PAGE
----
Full Moon Cut: Swordplay in Asian Film [PANEL 18+]


sleepy eyes 6 cover

For those unable to attend our panel, here’s an online version of our presentation which was held in Panel Room 2 at 1am – 2am at the Walter E. Washington Convention Center in Washington DC on August 13, 2017.

Cover Page swordsIntro

Dragon Inn – Our first film is a 1993 Hong Kong film called Dragon Inn. This scene features Tony Leung, Bridgette Lin, and Maggie Cheung as a swordplay trio who are in a love triangle go up against our big bad played by Donnie Yen who people may remember from Star Wars Rogue One. There’s a lot of things I could say about this movie but I think I’ll let it speak for itself. Watch the Clip

13 Assassins – A 2010 Japanese film directed by Takashi Miike is a remake of the 1963 black and white film of the same name. It’s set in the Edo period 1840s. Basic plot of the film is the Tokugawa shogunate has fallen on Hard Times & one of the Lord’s who is the half-brother of the Shogun is raping and murdering his citizens with no repercussions. He must be stopped before he can claim more power and inflicting more heinous crimes on the people. One of the highest-ranking officials under the Shogun secretly seeks out help in assassinating the Lord. The film has a very large cast of characters they won’t be able to mention them all. But one I would particularly like to point out is actor Hiroaki Matsukata who passed away earlier this year at the age of 74 he was a well-known actor through the 60s and 70s in Japan. You will see him in the clip we’re about to show, he’ll be the older Samurai with the insane stare as he slashes through his enemies. Watch the Clip

Yamada Samurai of Ayuttaya – This 2010 film by Nopporn Watin is based on the true story of a Samurai who became a governor in Thailand during the early 17th century. Like The Last Samurai or Pixar’s Cars, he adopts the culture and makes friendships with the locals. This scene is him joining the local warriors as they repel invaders attempting to ambush them in the jungle. This movie is honestly not that good cinematically but it has great action sequences thanks to the use of real fighters. You can tell who the good guys are based on who has the better hair and mustaches. Watch the Clip

Bichunmoo – A South Korean film made in 2000 by directed  Kim yong-jun, it was one of the most expensive films made in Korea at the time and is loosely based on a popular Korean comic and Count of Monte Cristo. The film is basically a martial arts love story; you have our lead character Jin-ha played by Shin Hyun-joon and love interest Sullie by Kim hee Sun. Sullie’s father who is a Mongolian General gives his daughter in marriage to a Mongolian Noble so Jen & Sullie are separated from each other. When they meet again Sally has a child but she still has feelings for Jen. We also discovered that Jen has a secret; a martial art skill called Bichun. In the clip we’re going to watch you’ll see a demonstration of his skill as it seems everyone once to get the secret of the martial art from him by force. Watch the Clip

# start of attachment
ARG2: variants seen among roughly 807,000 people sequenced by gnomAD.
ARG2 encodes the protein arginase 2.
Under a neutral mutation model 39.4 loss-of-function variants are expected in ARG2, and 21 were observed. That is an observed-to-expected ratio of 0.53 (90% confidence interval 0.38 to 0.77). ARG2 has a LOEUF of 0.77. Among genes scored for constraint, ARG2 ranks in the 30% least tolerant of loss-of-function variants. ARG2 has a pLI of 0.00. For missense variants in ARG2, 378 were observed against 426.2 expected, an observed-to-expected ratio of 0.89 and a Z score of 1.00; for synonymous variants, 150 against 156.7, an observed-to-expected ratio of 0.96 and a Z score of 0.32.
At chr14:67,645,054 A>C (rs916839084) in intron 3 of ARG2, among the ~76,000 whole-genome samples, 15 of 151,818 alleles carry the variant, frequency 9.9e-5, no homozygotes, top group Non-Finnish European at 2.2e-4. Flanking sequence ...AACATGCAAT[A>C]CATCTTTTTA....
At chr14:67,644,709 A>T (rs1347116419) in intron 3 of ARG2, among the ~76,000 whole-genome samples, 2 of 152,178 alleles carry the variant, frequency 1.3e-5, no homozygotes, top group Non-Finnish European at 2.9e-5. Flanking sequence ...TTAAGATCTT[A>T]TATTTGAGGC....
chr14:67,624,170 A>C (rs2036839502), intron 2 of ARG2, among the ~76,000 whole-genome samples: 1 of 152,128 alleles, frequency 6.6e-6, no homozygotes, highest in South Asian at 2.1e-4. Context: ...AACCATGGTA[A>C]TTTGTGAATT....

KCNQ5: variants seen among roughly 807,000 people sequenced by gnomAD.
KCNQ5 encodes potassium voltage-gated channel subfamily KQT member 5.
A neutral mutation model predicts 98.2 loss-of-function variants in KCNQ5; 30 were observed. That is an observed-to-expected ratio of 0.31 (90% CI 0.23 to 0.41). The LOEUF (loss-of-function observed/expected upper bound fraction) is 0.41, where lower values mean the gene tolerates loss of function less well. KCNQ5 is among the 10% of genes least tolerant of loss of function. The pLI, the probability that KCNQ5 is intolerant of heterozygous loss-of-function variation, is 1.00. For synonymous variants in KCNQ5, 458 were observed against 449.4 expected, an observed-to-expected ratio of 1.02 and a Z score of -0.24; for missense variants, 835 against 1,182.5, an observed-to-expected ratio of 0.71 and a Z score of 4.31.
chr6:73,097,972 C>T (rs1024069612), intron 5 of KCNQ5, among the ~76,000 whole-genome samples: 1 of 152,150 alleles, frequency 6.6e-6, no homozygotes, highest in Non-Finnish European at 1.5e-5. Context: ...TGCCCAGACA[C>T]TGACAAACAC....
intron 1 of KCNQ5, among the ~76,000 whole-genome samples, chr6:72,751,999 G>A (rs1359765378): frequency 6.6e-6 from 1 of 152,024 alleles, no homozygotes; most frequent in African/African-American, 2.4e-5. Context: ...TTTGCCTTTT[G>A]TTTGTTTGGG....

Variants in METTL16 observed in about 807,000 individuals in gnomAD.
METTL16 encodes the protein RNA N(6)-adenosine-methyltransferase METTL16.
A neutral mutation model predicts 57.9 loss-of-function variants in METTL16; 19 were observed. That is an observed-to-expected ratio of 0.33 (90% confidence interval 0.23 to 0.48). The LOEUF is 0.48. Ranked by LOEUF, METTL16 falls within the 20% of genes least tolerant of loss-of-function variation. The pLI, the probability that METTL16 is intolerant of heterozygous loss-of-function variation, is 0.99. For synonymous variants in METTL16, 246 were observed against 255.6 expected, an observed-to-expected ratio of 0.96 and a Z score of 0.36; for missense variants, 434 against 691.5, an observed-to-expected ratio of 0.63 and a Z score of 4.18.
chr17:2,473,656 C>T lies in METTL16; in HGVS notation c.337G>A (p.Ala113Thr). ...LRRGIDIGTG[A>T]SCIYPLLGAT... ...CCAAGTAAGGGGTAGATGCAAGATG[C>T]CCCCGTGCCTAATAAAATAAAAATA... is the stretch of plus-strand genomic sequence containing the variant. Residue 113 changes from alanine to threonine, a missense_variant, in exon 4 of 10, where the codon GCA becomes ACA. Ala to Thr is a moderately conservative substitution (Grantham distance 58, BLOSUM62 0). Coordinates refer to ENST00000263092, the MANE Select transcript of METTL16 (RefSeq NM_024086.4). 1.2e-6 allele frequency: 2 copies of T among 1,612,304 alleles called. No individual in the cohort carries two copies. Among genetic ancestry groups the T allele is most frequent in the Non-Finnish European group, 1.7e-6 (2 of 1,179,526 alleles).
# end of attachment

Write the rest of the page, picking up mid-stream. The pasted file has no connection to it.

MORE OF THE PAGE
Tiger on Beat – This scene is from the 1988 HK fight Tiger on Beat and stars our hero Conan Lee, from films like Ninja in the Dragon’s Den against Gordon Liu, from the Kill Bill films and The 36 Chambers of Shaolin. Different from most of the other films in out panel, this is a modern set police film so they don’t really use swords per say but it’s close enough especially with the choreography. Watch the Clip

IZO – Here again we have a Takashi Miike film, Izo from 2004The film is not easy to explain as it’s rather surreal. Izo Okada (who was a real Samurai in the 1800’s) is the lead character. Well I say character but really it’s his vengeful Spirit. He seems to be traveling through time and other dimensions to murdering anyone he comes across,  Even MMA/kickboxer Bob Sapp (who for some reason is a monk in this film) and Beat Takeshi. This is such a weird and strange film you will either love it or hate it. The clip you’re going to see is quite chaotic, believe me the whole film is that way, so I say just sit back and take it in. Watch the Clip